Living safely with Rugby always has to center around his crazy reactivity to sights and sounds in his environment. If he can learn impulse control, that will help not only with his frantic, worried barking, but his explosive aggressive responses to the things that trigger his behavior. He’s soon going to be ten years old, and speaking realistically, things are what they are, and I’m not holding my breath for him to sort all of this out in the senior years of his life.
However, I’m also an eternal optimist, and as long as Rugby lives under the roof of my house, I’ll continue to work on things in some form or fashion, because 1) he loves to work, 2) it improves the quality of our lives, and 3) why not? If he can make progress forward, even if it’s in baby steps, why not give him the opportunities to try to improve and grow? It hurts no one to try, and I’m all for trying!
I think far too often, when we work with our dogs, our eyes are always on the ultimate goal, which in Rugby’s case is his reactivity to his environment. But if all I ever do is to focus on that ultimate goal, I will miss the happy little accidents that happen along the way in the regular course of work with him. It’s not always about the final destination, but the wonderful events that happen during the journey from point A to point B. In other words, don’t miss out on the journey, because you’re so focused on the ultimate destination!
If you live with a “Rugby” of your own, I really want to let that last statement sink in and make sense to you. The memories that I will carry of Rugby are the hours that we’ve spent together, forging our relationship, and learning side by side. We both learn in our work together. We both make mistakes together, and when we have successes, the celebration is so much more sweet because we’re in this thing called life together as a team!
Because Rugby’s progress is always a step forward and one or two backwards, I’ve learned to keep my eyes on the journey that we have together. That helps me remember to keep chipping away at his difficult behavior, and this way I can also see progress here and there as well. It’s a conscious choice and decision to see the progress Rugby has made versus focus only on where he falls short. I want to celebrate his success, not lament his failings!
From the time that Rugby was an adolescent, he has always had a very, very difficult time coping with watching his pack break up and leave the house. It’s worse if both Michael and I leave together, but typically that doesn’t usually happen. When the first person leaves, Rugby barks incessantly….and I DO mean incessantly….until that person is out the door. He barks like he’s losing his mind, and the amount of barking nearly makes us lose ours!
On a typical work day, Michael usually leaves the house first. Rugby knows this pattern all too well, so he is often a barky mess from the moment that Michael steps foot on the floor until he walks out the door, which can be thirty minutes or so. I will freely admit that even with a cup of coffee behind me, ain’t nobody got time for that wacky behavior first thing in the morning!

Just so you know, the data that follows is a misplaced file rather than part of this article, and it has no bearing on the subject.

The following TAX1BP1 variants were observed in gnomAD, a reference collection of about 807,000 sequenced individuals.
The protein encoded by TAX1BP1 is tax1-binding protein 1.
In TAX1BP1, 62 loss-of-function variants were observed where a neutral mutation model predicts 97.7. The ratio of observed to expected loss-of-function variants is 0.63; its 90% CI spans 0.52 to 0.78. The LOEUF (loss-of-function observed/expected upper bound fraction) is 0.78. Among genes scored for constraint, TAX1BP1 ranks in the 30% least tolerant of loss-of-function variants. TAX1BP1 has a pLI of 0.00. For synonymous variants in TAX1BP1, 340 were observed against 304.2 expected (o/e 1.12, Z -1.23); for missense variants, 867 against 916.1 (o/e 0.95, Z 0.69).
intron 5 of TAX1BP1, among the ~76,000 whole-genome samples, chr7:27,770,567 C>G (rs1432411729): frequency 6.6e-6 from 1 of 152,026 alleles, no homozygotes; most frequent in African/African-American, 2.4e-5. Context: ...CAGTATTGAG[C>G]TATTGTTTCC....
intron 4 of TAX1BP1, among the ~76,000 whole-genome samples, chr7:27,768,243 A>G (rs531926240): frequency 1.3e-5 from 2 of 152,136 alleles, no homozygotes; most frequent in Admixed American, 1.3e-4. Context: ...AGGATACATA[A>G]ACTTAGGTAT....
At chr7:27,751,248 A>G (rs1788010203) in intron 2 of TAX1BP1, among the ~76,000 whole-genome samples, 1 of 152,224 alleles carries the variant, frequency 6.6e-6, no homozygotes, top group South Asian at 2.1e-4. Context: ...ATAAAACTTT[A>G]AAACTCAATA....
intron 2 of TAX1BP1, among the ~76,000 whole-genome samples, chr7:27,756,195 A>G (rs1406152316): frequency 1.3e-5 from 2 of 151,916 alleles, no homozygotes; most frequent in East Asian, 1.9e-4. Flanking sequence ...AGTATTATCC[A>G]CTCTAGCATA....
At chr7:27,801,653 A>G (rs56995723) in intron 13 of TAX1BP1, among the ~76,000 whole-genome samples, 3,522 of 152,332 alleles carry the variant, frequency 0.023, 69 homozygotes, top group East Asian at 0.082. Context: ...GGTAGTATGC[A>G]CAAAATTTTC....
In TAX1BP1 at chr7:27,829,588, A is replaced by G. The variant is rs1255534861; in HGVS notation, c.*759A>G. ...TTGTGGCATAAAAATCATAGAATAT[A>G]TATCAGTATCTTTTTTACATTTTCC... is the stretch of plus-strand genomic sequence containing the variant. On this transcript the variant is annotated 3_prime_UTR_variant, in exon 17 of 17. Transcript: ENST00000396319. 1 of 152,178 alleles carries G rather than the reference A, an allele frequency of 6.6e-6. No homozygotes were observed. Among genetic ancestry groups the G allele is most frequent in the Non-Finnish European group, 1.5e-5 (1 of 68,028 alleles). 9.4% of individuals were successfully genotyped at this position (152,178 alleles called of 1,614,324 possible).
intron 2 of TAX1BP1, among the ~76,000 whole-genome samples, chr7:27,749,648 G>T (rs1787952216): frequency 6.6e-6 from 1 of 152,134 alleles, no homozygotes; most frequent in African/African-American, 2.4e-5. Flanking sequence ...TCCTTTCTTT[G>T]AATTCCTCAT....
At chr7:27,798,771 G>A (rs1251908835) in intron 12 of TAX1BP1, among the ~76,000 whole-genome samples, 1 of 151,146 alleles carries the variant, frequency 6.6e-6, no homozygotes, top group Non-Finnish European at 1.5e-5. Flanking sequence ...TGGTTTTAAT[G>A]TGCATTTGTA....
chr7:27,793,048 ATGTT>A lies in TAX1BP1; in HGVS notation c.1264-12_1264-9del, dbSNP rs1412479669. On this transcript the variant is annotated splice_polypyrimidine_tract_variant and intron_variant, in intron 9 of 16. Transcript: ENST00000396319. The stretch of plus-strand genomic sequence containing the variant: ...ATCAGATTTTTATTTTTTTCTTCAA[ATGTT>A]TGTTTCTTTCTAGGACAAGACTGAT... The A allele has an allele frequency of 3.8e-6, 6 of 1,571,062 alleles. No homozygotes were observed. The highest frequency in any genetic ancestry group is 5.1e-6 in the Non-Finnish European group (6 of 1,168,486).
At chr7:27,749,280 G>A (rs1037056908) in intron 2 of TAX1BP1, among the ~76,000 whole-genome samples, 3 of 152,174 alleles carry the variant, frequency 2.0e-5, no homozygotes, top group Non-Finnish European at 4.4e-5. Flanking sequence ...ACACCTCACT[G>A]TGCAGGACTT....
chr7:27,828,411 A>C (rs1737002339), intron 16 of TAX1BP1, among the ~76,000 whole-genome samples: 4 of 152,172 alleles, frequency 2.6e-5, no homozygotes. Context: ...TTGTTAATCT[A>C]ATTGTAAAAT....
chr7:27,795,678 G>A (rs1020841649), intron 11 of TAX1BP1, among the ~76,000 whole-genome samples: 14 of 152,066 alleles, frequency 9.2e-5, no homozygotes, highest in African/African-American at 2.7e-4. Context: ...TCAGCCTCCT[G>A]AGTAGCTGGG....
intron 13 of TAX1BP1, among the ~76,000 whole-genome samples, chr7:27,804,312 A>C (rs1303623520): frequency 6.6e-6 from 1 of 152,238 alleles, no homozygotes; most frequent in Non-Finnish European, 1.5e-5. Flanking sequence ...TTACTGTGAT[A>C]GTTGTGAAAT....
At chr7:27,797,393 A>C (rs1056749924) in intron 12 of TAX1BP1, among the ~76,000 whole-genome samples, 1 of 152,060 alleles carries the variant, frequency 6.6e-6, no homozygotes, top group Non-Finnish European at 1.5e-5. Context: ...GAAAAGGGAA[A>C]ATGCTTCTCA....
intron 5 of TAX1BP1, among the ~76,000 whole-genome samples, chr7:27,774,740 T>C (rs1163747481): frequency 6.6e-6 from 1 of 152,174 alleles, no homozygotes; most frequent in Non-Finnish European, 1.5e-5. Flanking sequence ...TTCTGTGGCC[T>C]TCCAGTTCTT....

I have done absolutely everything on the planet to get this behavior to stop! And truthfully, all of the things that I’ve tried do work. But they all require that Rugby has to have a “babysitter” until the first person leaves. As long as there is someone who is working with him pretty consistently for that thirty minutes, he can stay quiet, and he can focus on his handler, but he will definitely be very anxious about the whole experience until that first person leaves the house. Once they are gone, Rugby moves on with his day, and everyone can relax!
Typically when the second person comes home, they are treated to some of the same levels of barking, but it’s generally a much shorter duration, and it’s excited barking versus anxious barking. He will often find a piggie to bring to whoever is coming through the door, and then herding begins accompanied with plenty of piggie grunting.
Michael has been training Rugby to stay calm when I get home, since I’m usually the last one home at night, and Rugby has made huge progress in this department! Again, it requires that Michael be actively working with him, but Rugby is responding very well, and it’s been good in building a nice bridge between Michael and Rugby as well!
Because of his background, I’m not sure he’s ever really going to be calm when one of us leaves. I just don’t know how many times people that Rugby loved and trusted walked out a door never to return. He feels a sense of panic when he sees that first person leave, but can easily transition once they are out of sight, which is wonderful!
Rugby just doesn’t cope well with most types of change, and when he can sense change is coming, he loses it! However, the work that we’ve done in working through this issue has seen a good improvement in Rugby where focus is concerned. He’s doing much better with his focus, and even though we have good days and bad days with this one, he does seem to understand what to do, and that’s progress in and of itself!